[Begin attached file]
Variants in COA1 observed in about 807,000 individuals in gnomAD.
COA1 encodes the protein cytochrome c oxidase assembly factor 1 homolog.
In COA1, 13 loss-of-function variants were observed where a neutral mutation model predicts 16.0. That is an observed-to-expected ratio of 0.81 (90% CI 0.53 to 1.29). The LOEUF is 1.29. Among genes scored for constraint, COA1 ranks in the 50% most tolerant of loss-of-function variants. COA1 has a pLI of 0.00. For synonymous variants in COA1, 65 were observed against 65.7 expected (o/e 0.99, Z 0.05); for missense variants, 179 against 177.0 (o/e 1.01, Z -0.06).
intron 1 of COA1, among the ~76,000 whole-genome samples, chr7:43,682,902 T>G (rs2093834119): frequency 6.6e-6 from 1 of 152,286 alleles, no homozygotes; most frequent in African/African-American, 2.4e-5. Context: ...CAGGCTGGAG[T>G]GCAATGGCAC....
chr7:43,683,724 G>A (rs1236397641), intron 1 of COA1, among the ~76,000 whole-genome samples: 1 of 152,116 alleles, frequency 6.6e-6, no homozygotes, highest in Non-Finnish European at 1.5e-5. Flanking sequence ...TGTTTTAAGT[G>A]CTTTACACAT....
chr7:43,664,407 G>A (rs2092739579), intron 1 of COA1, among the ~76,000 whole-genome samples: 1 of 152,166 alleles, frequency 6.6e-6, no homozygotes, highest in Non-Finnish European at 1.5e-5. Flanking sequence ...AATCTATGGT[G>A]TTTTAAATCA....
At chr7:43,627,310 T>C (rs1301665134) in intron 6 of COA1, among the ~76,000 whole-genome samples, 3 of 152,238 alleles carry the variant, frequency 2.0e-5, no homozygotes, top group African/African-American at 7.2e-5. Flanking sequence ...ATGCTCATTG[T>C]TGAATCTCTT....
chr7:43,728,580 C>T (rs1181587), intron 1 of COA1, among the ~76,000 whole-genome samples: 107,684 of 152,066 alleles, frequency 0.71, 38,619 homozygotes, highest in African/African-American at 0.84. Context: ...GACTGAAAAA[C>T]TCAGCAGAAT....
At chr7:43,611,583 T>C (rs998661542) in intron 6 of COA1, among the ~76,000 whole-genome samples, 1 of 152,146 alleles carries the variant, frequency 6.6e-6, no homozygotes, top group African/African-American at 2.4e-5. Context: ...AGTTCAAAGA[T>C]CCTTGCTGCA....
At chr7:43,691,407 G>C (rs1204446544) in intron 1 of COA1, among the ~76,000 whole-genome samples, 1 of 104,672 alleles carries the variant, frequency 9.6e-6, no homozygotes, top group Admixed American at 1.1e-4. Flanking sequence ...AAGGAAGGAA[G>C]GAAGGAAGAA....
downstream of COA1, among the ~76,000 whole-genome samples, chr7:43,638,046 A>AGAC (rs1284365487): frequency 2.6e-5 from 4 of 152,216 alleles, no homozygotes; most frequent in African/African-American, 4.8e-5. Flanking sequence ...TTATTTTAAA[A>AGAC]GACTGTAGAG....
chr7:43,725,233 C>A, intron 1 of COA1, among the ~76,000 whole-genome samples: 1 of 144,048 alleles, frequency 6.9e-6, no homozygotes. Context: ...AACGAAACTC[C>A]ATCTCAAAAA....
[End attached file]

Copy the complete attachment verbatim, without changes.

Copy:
Variants in COA1 observed in about 807,000 individuals in gnomAD.
COA1 encodes the protein cytochrome c oxidase assembly factor 1 homolog.
In COA1, 13 loss-of-function variants were observed where a neutral mutation model predicts 16.0. That is an observed-to-expected ratio of 0.81 (90% CI 0.53 to 1.29). The LOEUF is 1.29. Among genes scored for constraint, COA1 ranks in the 50% most tolerant of loss-of-function variants. COA1 has a pLI of 0.00. For synonymous variants in COA1, 65 were observed against 65.7 expected (o/e 0.99, Z 0.05); for missense variants, 179 against 177.0 (o/e 1.01, Z -0.06).
intron 1 of COA1, among the ~76,000 whole-genome samples, chr7:43,682,902 T>G (rs2093834119): frequency 6.6e-6 from 1 of 152,286 alleles, no homozygotes; most frequent in African/African-American, 2.4e-5. Context: ...CAGGCTGGAG[T>G]GCAATGGCAC....
chr7:43,683,724 G>A (rs1236397641), intron 1 of COA1, among the ~76,000 whole-genome samples: 1 of 152,116 alleles, frequency 6.6e-6, no homozygotes, highest in Non-Finnish European at 1.5e-5. Flanking sequence ...TGTTTTAAGT[G>A]CTTTACACAT....
chr7:43,664,407 G>A (rs2092739579), intron 1 of COA1, among the ~76,000 whole-genome samples: 1 of 152,166 alleles, frequency 6.6e-6, no homozygotes, highest in Non-Finnish European at 1.5e-5. Flanking sequence ...AATCTATGGT[G>A]TTTTAAATCA....
At chr7:43,627,310 T>C (rs1301665134) in intron 6 of COA1, among the ~76,000 whole-genome samples, 3 of 152,238 alleles carry the variant, frequency 2.0e-5, no homozygotes, top group African/African-American at 7.2e-5. Flanking sequence ...ATGCTCATTG[T>C]TGAATCTCTT....
chr7:43,728,580 C>T (rs1181587), intron 1 of COA1, among the ~76,000 whole-genome samples: 107,684 of 152,066 alleles, frequency 0.71, 38,619 homozygotes, highest in African/African-American at 0.84. Context: ...GACTGAAAAA[C>T]TCAGCAGAAT....
At chr7:43,611,583 T>C (rs998661542) in intron 6 of COA1, among the ~76,000 whole-genome samples, 1 of 152,146 alleles carries the variant, frequency 6.6e-6, no homozygotes, top group African/African-American at 2.4e-5. Context: ...AGTTCAAAGA[T>C]CCTTGCTGCA....
At chr7:43,691,407 G>C (rs1204446544) in intron 1 of COA1, among the ~76,000 whole-genome samples, 1 of 104,672 alleles carries the variant, frequency 9.6e-6, no homozygotes, top group Admixed American at 1.1e-4. Flanking sequence ...AAGGAAGGAA[G>C]GAAGGAAGAA....
downstream of COA1, among the ~76,000 whole-genome samples, chr7:43,638,046 A>AGAC (rs1284365487): frequency 2.6e-5 from 4 of 152,216 alleles, no homozygotes; most frequent in African/African-American, 4.8e-5. Flanking sequence ...TTATTTTAAA[A>AGAC]GACTGTAGAG....
chr7:43,725,233 C>A, intron 1 of COA1, among the ~76,000 whole-genome samples: 1 of 144,048 alleles, frequency 6.9e-6, no homozygotes. Context: ...AACGAAACTC[C>A]ATCTCAAAAA....